Producing versus Consuming: Active Slow Living

Thursday, June 11, 2020

I think we all just spent a few months experiencing slow living - a stark contrast to most of our lives before any sort of lock down order. People dealt with this in a lot of different ways. It may have started with Netflix binges and 24 hours of pajamas, but then morphed into something different. A lot of banana bread was made, that's for sure. A lot of homes decluttered. But I think that's a natural outcome of a slow living lifestyle. There's suddenly much more time in the day when you're not jamming your schedule with events, and people quickly realize that constant consumption is not all it's cracked up to be.


Because slow living doesn't mean sitting around doing absolutely nothing. When I share about this way of life, people always ask 'well what do you do all day?' Whatever I want, really, and that's the point. I may not be carefully scheduling all the hours in my day like I used to, but that 'lazy slug' feeling of three straight days of movies and take out isn't good either. I didn't drop one extreme for the other, I simply shifted my priorities so I can take the time every day to do the things I love. Life should happen for me, not to me. Or what I like to call 'active slow living.' And it's all about producing and doing instead of consuming.

Do you have a lot of unfinished projects around the house? That's often a sign of hiding behind consumption instead of taking action. I've been guilty of it too. We consume things first as an excuse, instead of becoming the person we want to be, telling ourselves that we absolutely need something in order to get started. We can't start working out without new workout clothes. We can't start decluttering and organizing without buying a bunch of new bins at the Container Store. Can't make that scrapbook without spending $200 on more supplies at the craft store. But it's pretty easy to see, in all of those excuses, that consuming things is distracting you from the life you really want to have.

We all have these projects that were started with good intentions but never finished and these things we 'don't have the time to do'. It's the trap of consuming instead of doing, and there's a lot of emotional baggage that comes with that. It's so easy to hide behind the laziness of consumption. No one likes taking responsibility for the fact that they're the only thing standing in their own way.

But why write off your joy in the present with this over attachment to more, more more? We all write off progress and the lives we're living now, thinking that we'll be a better version of ourselves once we buy this thing, but that just keeps removing ourselves from taking responsibility for actually taking action. You don't need Lululemon pants to workout. You just need to move. There's no need to keep consuming in order to become that better person.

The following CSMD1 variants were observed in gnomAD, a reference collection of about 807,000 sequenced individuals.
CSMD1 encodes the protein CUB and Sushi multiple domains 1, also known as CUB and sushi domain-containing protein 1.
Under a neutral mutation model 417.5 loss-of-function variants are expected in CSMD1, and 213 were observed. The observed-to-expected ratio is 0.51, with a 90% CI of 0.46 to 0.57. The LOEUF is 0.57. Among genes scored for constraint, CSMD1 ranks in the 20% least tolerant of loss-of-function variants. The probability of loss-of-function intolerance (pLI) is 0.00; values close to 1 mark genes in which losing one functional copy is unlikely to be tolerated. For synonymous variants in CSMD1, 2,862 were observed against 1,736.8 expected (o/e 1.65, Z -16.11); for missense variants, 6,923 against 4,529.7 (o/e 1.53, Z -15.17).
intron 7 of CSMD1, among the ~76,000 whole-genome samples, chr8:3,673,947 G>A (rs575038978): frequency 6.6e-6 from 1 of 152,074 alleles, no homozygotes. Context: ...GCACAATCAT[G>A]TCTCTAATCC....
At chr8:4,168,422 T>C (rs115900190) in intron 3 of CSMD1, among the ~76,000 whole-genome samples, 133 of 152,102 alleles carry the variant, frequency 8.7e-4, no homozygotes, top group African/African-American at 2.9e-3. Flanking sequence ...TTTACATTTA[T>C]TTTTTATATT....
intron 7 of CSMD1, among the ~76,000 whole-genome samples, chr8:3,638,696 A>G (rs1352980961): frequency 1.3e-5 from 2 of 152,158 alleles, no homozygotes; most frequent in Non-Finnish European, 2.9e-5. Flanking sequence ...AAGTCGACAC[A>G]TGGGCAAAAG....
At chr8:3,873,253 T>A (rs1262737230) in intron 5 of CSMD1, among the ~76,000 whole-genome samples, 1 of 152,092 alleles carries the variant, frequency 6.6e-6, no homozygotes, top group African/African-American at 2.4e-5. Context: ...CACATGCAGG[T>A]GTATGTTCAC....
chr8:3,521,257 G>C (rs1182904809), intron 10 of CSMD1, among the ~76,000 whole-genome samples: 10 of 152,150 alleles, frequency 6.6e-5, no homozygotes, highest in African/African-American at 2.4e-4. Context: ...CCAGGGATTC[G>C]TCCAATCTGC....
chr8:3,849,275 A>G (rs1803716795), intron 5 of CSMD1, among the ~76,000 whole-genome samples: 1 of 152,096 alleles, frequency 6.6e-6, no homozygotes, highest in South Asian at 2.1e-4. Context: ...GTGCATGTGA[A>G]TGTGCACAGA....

So why would slow living help with any of that? How can I do more if I'm simultaneously slowing down?

Because what I'm really slowing down is distractions, allowing me to be pro-active. To seek out and do more of what matters, instead of just reacting to circumstances. It's a habit I've had to really learn and practice at constantly, but I find it's the best way to live in the present and enjoy each day. No more of that stressed and anxious feeling that comes with being hurried.

What does this look like, in a practical sense? Waking up early each day because I know I function best on a schedule and in the mornings. Cleaning the house daily, before it builds up and becomes incredibly dirty. Creating a budget and saving for big expenses, emergencies or vacations. Walking more and making my own meals instead of resorting to take out and fad diets. Making phone calls, mailing letters, unloading the dishwasher and completing other 5 minute tasks as I think of them instead of perpetually putting them off. Actively sorting out these tasks purposefully before they pile up to that insurmountable mountain of stress. Acting, not reacting. Doing, not just buying something to make the problems go away.

There's just something about doing each of these things by my own hand that helps me stay connected in the moment, no longer feeling like the days are disappearing too fast. And even though I do these thing slowly, I know they're still moving me forward. I fully enjoy the present while I take steps to be that slightly better version of myself that I have in mind. Always a work in progress - but not one that writes off all the progress that's already been made.